Seventh-grade science teacher and long-time Beepods customer, Kip Jacobs, chatted with me about how he uses his school’s Beepod to teach students how to think like a bee, make observations, and record data. The University School of Milwaukee teacher enthusiastically shared his advice on teaching bees to students of various ages.
What does this process of teaching about bees look like?
Each time we go out it’s a little different because we have to figure out what’s going on with the bees. We teach students to start thinking like a bee. What I usually do is get a bar out of the hive and put it on a setup table that I have out near my hive so I can keep the bees far enough away from them. I don’t do as much monitoring of the hive with the younger kids but I do a lot of teaching out there. One of the things I love about the Beepods system is they have those windows on the side. That really is their first introduction to the hive. I go after the hive with just my gloves on and a hat. We talk about bees before we even go near the hive.
I was out there as a primary and I had another adult, Judy, as my secondary. Judy is the school librarian and also a former beekeeper. I like to have two people out knowing how to handle the hive. It makes instruction so much easier, If things go south with the hive I talk to Judy and say, “Judy, I really think we need to move away from the hive right now.” The kids can move off and I can put the hive back together again.
With kids that are younger, I need another person to help with the maintenance of the hive and the instruction of the hive. I consider those to be two separate things when I do it with younger kids. It’s a good way to work it because it just flows a little better and you don’t have to worry about how to move the kids away from the hive. You can tell a seventh-grader to go stand over by the tree but you can’t tell a preschooler that if you’re not their teacher. If their teacher’s uncomfortable it’s just better to have two people who understand bees to be out there with the younger kids.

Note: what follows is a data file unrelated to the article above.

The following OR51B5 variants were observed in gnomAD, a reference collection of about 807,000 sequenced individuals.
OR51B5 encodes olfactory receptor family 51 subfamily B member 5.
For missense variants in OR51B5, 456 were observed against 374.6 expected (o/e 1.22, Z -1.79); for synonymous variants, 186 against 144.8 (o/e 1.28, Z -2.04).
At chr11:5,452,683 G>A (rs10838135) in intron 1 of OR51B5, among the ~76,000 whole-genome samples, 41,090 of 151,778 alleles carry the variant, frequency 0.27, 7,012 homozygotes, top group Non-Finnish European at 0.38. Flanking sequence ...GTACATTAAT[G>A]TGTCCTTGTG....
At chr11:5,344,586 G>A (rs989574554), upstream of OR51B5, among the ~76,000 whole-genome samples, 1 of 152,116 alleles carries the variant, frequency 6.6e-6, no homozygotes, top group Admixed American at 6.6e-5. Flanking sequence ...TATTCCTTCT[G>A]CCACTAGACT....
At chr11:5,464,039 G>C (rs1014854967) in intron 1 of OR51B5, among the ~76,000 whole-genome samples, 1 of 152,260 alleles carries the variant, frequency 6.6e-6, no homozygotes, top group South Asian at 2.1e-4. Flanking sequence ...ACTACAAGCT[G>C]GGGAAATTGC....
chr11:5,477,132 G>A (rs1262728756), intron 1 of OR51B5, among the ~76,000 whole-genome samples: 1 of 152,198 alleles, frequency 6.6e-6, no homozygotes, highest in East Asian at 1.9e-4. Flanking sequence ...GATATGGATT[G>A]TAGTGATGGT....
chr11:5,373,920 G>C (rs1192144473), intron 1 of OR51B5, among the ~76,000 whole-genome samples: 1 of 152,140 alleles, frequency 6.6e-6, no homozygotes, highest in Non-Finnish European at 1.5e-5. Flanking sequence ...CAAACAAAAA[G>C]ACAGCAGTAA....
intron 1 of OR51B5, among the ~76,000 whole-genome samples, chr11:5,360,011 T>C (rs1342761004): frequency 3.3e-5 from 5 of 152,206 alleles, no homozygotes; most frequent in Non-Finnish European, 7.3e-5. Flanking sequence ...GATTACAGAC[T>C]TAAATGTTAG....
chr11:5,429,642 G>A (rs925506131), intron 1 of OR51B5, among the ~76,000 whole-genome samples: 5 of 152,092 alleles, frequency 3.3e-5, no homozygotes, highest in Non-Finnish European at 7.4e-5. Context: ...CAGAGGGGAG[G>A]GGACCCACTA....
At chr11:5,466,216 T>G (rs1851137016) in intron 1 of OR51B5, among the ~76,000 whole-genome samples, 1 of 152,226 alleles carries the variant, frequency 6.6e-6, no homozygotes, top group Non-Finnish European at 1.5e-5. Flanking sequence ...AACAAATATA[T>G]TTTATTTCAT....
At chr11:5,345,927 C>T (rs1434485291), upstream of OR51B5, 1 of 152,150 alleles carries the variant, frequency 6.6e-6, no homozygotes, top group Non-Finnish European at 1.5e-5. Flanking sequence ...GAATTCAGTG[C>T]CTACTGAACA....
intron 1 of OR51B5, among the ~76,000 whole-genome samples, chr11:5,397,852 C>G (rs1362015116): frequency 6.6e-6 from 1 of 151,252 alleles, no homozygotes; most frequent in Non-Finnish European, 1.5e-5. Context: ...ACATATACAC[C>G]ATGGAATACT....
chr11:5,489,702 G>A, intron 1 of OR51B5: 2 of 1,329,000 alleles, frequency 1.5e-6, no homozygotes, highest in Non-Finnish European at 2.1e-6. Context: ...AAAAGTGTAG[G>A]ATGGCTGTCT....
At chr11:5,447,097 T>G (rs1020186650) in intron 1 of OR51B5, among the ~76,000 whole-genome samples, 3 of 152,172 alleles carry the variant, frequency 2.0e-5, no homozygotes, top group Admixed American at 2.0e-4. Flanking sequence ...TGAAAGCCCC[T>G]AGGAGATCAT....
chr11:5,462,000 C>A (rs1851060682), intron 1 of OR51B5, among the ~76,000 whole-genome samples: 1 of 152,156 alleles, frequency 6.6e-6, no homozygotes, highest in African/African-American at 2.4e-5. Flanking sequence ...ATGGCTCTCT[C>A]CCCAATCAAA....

The students can have a copy of the form or the teacher can record the notes. If I have seventh graders, I will say, “I want you to make sure that you record this as we go through the hive together.”
Everyone has their own way of recording things but we try to use the symbols on the inspection form: B for Brood, P for Pollen, H for Capped Honey, etc. We might also note that we found a right angle comb and that we did some comb repair.
Yes, that goes in the “Observations and Actions” section. For example, we might bring gallon bags, water, bleach water, and cutters for zip ties.
I just got a nuc from Beepods about a week ago and it was a huge nuc. I didn’t know how big it was until I opened it up. I transferred from one box to another and realized the box I was transferring it into was just as big as the harvest box. I had another big Beepod hanging around and so then I transferred them over to the big Beepod. And they are going. I probably have at least 13-14 bars right now. They are getting into the flow and are going to start building. I’m going to be looking for queen cells. All of that I could have recorded with kids if we had more time to do that. I have to stick to my regular curriculum a little bit. I do find a couple of kids that each year are really interested in this and that’s when I try to say, “Hey, you could do some monitoring of this if you wanted to or you could get a hive to yourself and do that as well.”